O M 11 P

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ORIENTATION AND MOBILITY 11
PROPOSAL FOR BOARD / AUTHORITY AUTHORIZED COURSES
District Name:
Okanagan / Skaha
District Number:
67
Developed By:
Tom Cowper (Teacher of the Visually Impaired /
Orientation and Mobility Instructor)
Date Developed:
March 11, 2004
School Name:
Summerland Secondary
Principal:
Bill Bidlake
Board/Authority Approval Date:
Board/Authority Signature:
Course Name:
Orientation and Mobility (O & M)
Grade Level of Course:
11
Number of Course Credits:
2
Hours of Instruction:
60
Orientation and Mobility 11
Prerequisite(s):
This course is based on the curriculum outlined in the Framework for Independent
Travel (FIT). Each student, with their individual abilities and depending on their degree
of vision loss, may be at different levels on the continuum of skills. A student entering
this course should be able to demonstrate an understanding for the following strands at
the specified level from the above program:
CONCEPT DEVELOPMENT
Levels One, Two, and Three
 body, spatial, and environmental concepts
SENSORY DEVELOPMENT
Level One
 vision, auditory, touch, proprioceptive / kinesthetic,
vestibular, and olfactory
ORIENTATION AND MAPPING
Level One
 basic orientation, dropped objects, interpreting a simple
map, travel to familiar destinations, and understand
concepts of a city block
TRAVEL TECHNIQUES
Level One
 introduction to sighted guide and mobility devices,
posture, and basic concepts of moving safely
COMMUNICATION, PERSONAL
SAFETY, AND ADVOCACY
Level One
 basic communication skills, basic safety, understanding
of medical issues and emergency procedures
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Orientation and Mobility 11
Special Training, Facilities or Equipment Required:
Teaching O & M requires specially trained people who are aware of the dangers,
responsibilities, and techniques involved. In British Columbia, the Ministry of Education
defines a qualified orientation and mobility instructor as one who:

meets standards established by the Association for the Education and
Rehabilitation of the Blind and Visually Impaired (AER); or

meets standards established by the Academy for Certification of Vision
Rehabilitation & Education Professionals (ACVREP); or

has a Masters degree in orientation and mobility; or

has completed post-graduate studies in orientation and mobility, which include at
least 300 hours of supervised practice in orientation and mobility working with
individuals with a variety of visual impairments.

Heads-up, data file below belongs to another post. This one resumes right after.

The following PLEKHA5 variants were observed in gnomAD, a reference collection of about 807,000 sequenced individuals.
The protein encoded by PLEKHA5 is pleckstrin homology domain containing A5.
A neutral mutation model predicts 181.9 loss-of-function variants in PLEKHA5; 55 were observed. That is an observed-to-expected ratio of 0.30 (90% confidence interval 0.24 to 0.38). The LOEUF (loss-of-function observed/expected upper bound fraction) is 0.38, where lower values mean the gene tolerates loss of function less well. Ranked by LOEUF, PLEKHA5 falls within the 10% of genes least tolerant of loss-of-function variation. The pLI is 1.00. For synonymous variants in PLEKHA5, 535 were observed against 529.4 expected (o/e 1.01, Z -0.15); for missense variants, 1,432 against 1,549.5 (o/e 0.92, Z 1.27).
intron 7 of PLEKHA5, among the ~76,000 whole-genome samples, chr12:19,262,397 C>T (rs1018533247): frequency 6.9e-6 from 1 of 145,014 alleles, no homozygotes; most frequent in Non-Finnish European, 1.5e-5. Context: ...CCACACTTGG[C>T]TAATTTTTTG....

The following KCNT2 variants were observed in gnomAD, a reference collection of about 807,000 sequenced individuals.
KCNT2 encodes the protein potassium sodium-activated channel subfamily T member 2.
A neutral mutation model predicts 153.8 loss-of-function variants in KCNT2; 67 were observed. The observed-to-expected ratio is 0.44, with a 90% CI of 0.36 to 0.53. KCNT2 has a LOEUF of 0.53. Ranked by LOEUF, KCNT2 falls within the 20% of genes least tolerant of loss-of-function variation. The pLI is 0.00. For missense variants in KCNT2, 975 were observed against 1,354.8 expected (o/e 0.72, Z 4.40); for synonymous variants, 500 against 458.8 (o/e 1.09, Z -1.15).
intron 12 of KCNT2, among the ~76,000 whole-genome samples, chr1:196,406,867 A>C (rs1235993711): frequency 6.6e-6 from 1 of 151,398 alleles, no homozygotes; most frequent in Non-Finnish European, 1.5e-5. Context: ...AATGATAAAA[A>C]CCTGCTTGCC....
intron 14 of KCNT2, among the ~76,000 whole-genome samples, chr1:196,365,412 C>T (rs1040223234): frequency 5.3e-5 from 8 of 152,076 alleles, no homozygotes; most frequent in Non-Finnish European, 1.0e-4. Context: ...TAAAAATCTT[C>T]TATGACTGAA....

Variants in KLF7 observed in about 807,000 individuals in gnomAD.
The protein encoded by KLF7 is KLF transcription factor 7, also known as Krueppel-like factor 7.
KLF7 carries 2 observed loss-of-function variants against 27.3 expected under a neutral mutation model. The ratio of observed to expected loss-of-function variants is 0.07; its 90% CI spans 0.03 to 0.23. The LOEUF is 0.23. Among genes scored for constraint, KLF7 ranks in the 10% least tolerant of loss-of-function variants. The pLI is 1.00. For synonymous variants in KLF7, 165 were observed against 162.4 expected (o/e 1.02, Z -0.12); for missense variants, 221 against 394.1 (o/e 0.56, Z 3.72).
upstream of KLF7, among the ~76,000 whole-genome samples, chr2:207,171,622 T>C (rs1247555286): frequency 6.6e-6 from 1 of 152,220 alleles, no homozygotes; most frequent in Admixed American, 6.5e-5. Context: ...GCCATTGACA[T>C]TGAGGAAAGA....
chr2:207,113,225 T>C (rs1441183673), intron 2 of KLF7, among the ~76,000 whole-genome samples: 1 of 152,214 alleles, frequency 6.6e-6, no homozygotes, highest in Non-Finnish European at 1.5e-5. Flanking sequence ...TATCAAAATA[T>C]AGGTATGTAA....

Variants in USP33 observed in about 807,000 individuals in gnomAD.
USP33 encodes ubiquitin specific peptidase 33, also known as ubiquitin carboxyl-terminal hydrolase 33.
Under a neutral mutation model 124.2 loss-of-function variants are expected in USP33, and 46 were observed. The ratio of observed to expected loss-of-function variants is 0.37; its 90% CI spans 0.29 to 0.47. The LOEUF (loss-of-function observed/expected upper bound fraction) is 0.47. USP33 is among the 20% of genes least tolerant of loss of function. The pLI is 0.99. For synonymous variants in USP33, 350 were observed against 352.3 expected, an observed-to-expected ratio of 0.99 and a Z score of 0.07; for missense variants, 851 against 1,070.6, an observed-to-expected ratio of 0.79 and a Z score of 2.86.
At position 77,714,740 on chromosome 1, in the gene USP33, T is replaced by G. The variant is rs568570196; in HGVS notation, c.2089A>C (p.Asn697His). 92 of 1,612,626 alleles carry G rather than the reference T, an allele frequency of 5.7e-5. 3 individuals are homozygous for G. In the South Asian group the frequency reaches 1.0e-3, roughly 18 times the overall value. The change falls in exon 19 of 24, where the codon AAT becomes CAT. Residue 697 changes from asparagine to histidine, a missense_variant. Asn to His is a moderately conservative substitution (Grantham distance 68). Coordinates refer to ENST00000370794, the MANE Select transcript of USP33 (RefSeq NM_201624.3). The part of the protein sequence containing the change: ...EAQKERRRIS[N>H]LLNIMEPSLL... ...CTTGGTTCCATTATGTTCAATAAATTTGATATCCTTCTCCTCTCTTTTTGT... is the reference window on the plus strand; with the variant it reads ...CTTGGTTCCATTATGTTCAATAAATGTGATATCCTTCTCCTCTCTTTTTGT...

The materials required for the student to successfully achieve the learning outcomes for
O & M may include the following: cane (mobility or identification), adaptive mobility
device, low vision devices (monoculars, magnifiers), tactile maps, tactile graphics kit,
portable tape recorder, compass (print or Braille) and a CNIB bus pass. Student access
to a cell phone may also be useful.
Course Synopsis:
This course has been developed to support and encourage the student who is blind or
visually impaired to achieve the highest level of independent travel that is individually
possible. The development of these skills allows the student to more fully participate in
the life of the school and the community. The ability to use these skills affects access to
educational opportunities and improves quality of life.
The learning outcomes for this course are grouped under four strands from the
Framework for Independent Travel. Students are expected to learn specific skills up to
and including Level Two.
Rationale:
Orientation and mobility is a specialized skill that is essential for individuals who are
blind or visually impaired. O & M has frequently been described as “knowing where you
are, knowing where you want to go, and knowing how to get there.” O & M is the ability
to move safely, efficiently, and gracefully through all environmental conditions and
situations with as much independence as possible. O & M training encourages students
with visual impairments to develop essential skills, build confidence in their ability to
travel within their schools and other environments, and take responsibility for their
decisions.
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Orientation and Mobility 11
This course has been developed to give students who are blind or visually impaired, the
recognition for skills that need to be learned as part of the expanded core curriculum.
Many of these students have received ongoing direct instruction in O & M throughout
their years in school. This course will provide the intensive instruction to further develop
their O & M skills as they near graduation.
Organizational Structure:
UNIT/TOPIC TITLE
TIME
Unit 1
Sensory Development
5 hours
Unit 2
Orientation and Mapping
5 hours
Unit 3
Travel Techniques
40 hours
Unit 4
Communication, Personal Safety, and Advocacy
10 hours
TOTAL HOURS
60 hours
UNIT/TOPIC/MODULE DESCRIPTIONS
UNIT 1: SENSORY DEVELOPMENT
Overview
The development of orientation and mobility skills goes hand in hand with the ability to
gather and interpret sensory cues. Information from sight, sound, smell, and touch
support movement and exploration of objects and the environment. Through the
process of sensory integration, it is possible to establish and maintain one’s position,
locate objects, establish and confirm landmarks, and recognize safety cues.
By using the senses, students can access additional information (Braille, print, voice,
and tactile diagrams) that assist them in becoming familiar with a travel setting.
Practice and familiarity with a setting often enhances sensory awareness and
responsiveness. The ability to use one’s senses may be compromised by illness,
fatigue, and stress.
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Orientation and Mobility 11
Curriculum Organizer - Vision
Most students have some residual vision that can be used to establish and maintain
orientation and safety when traveling. In addition, vision is important for developing
concepts, encouraging movement, and integrating sensory cues.
Learning Outcomes
It is expected that students will be able to:

visually identify dangers in unfamiliar environments